Chemical Consolidation

  • Davorin Matanović
  • Marin Čikeš
  • Bojan Moslavac
Chapter
Part of the Springer Environmental Science and Engineering book series (SPRINGERENVIRON)

Abstract

When reservoir sand grains in near wellbore zone are loose and prone to production, either mechanical or chemical sand control methods are used. Chemical consolidation of sand grains appears to be very demanding, but quite effective method for sand control. To effectively apply chemicals for consolidation (resin systems are most frequently used) a great amount of field experience is required. Two types of resins are described – thermosetting and thermoplastic. Additives in service of system setting acceleration and activation, residual water removal and other, are also introduced.

Chemical consolidation treatment execution is divided in few stages – reservoir cleaning and water removal, treatment pumping and overflushing excess materials. Alternative solution to resin system pumping is resin-coated sand, incorporated in gravel packing operations with aforementioned grains coated with a thin resin layer melting and consolidating on higher temperatures.

Keywords

Resin System Resin Layer Resin Cure Thermoplastic Resin Sand Production 
These keywords were added by machine and not by the authors. This process is experimental and the keywords may be updated as the learning algorithm improves.

References

  1. Allen TO, Roberts AP (1982) Production operations: well completions, workover and stimulation, 622 2nd edn. Oil & Gas Consultants International, TulsaGoogle Scholar
  2. Allen TO, Roberts AP (1989) Production operations: well completions, workover and stimulation, 3rd edn. Oil & Gas Consultants International, TulsaGoogle Scholar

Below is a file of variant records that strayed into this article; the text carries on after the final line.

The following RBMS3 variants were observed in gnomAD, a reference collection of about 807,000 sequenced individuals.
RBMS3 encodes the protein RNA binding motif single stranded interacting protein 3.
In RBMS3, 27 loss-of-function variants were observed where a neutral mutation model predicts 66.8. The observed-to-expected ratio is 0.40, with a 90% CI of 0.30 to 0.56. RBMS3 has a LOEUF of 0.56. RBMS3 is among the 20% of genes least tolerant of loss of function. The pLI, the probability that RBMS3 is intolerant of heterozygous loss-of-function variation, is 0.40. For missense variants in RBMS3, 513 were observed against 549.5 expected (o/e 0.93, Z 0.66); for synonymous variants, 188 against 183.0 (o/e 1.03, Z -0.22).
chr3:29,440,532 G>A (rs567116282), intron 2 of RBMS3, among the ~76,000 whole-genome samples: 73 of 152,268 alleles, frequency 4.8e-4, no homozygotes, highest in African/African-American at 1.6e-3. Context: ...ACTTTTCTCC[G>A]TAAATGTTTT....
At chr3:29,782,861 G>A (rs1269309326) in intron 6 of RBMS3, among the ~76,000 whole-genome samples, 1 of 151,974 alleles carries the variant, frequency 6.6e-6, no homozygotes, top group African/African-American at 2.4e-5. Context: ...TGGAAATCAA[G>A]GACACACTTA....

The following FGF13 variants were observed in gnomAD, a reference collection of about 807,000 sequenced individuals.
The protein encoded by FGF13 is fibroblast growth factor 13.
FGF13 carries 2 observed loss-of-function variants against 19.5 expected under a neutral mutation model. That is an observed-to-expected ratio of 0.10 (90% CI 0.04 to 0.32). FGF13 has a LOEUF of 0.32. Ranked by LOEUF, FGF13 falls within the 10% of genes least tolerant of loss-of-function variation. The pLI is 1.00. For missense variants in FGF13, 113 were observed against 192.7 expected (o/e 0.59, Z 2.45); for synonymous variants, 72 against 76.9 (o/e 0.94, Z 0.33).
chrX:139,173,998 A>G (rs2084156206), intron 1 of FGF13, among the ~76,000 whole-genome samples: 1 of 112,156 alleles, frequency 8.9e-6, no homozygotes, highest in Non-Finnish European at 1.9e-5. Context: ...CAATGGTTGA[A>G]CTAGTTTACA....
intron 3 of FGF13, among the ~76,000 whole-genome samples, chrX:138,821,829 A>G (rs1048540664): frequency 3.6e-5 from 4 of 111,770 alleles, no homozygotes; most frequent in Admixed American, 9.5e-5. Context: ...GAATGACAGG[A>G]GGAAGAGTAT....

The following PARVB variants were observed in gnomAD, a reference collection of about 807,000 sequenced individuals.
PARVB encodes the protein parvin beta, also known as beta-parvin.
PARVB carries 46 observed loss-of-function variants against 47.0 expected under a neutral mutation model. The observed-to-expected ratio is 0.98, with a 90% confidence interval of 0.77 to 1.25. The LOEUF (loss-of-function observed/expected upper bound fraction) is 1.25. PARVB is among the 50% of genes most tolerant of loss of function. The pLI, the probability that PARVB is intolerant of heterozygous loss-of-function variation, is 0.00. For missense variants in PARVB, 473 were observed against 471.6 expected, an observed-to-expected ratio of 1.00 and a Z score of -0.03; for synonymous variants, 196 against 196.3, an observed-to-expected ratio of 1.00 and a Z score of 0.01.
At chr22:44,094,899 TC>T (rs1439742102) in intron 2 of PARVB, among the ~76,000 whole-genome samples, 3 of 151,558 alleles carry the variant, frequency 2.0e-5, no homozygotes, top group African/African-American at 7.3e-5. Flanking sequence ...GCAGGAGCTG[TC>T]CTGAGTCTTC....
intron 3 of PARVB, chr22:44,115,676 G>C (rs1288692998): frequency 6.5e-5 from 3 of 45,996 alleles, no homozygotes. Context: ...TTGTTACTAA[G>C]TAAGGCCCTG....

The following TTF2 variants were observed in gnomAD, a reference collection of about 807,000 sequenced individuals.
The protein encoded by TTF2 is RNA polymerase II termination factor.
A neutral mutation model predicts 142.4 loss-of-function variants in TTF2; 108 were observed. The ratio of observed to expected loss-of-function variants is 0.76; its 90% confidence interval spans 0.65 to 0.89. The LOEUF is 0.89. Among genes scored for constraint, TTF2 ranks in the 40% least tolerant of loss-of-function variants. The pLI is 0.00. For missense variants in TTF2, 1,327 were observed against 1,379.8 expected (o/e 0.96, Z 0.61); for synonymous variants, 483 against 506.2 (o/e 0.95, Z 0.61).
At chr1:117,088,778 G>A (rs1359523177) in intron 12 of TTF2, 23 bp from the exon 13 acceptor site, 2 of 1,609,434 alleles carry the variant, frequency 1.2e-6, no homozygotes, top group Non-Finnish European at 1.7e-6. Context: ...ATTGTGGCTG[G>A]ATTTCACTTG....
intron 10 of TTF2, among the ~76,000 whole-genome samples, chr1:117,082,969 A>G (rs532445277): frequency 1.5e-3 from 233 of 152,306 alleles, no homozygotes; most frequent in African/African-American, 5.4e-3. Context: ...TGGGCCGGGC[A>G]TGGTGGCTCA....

3. Bellarby J (2009) Well completion design, vol 56, Developments in petroleum science. Elsevier, HungaryGoogle Scholar
  4. Brooks FA (1974) Evaluation of preflushes for sand consolidation plastics. In: SPE-AIME symposium on formation damage, paper SPE 4776, New OrleansGoogle Scholar
  5. Coulter AW, Gurley DG (1971) How to select the correct sand control system for your well. In: Paper SPE 3177, DallasGoogle Scholar
  6. Dewprashad B, Abass HH, Meadows DL, Weaver JD, Bennett BJ (1993) A method to select resin-coated proppants. In: 68th annual technical conference, paper SPE 26523, TexasGoogle Scholar
  7. Dusterhoft RG (1994) FracPac completion services-stimulation and sand-control techniques for high-permeability oil and gas wells. Halliburton Energy Services, HoustonGoogle Scholar
  8. Economides MJ et al (1997) Petroleum well construction. Wiley, DuncanGoogle Scholar
  9. Kotlar HK, Haavind F, Springer M, Bekkelund SS, Torsaeter O (2005) A new concept of chemical sand consolidation: from idea and laboratory qualification to field application. In: SPE annual technical conference and exhibition, paper SPE 95723, DallasGoogle Scholar
  10. Larsen T, Lioliou M, Josang LO, Ostvold T (2006) Quasinatural consolidation of poorly consolidated oilfield reservoirs. In: SPE international oilfield scale symposium, paper SPE 100598, Aberdeen, ScotlandGoogle Scholar
  11. Pope CD, Wiles TJ, Pierce BR (1987) Curable resin-coated sand controls proppant flowback. In: SPE production operations symposium, paper SPE 16209, Oklahoma CityGoogle Scholar
  12. Rike JL (1966) Review of sand consolidation experience in South Louisiana. In: SPE annual fall meeting, paper SPE 1238, DenverGoogle Scholar
  13. Schechter RS (1992) Oil well stimulation. Prentice-Hall/Simon & Schuster, Englewood CliffsGoogle Scholar
  14. Smith TK (1969) Sand consolidation through production tubing. In: SPE annual spring meeting, paper 69-232, New OrleansGoogle Scholar
  15. Suman GO Jr, Ellis RC, Snyder RE (1983) Sand control handbook, 2nd edn. Gulf Publishing, HoustonGoogle Scholar
  16. Wasnik A, Mete S (2005) Application of resin system for sand consolidation, mud-loss control and channel repairing. In: SPE international thermal operations and heavy oil symposium, paper SPE/PS-CIM/CHOA 97771, Calgary, CanadaGoogle Scholar

Copyright information

© Springer-Verlag Berlin Heidelberg 2012

Authors and Affiliations

  • Davorin Matanović
    • 1
  • Marin Čikeš
    • 1
  • Bojan Moslavac
    • 1
  1. 1.Faculty of Mining, Geology and Petroleum Engineering Petroleum Engineering DepartmentUniversity of ZagrebZagrebCroatia

Personalised recommendations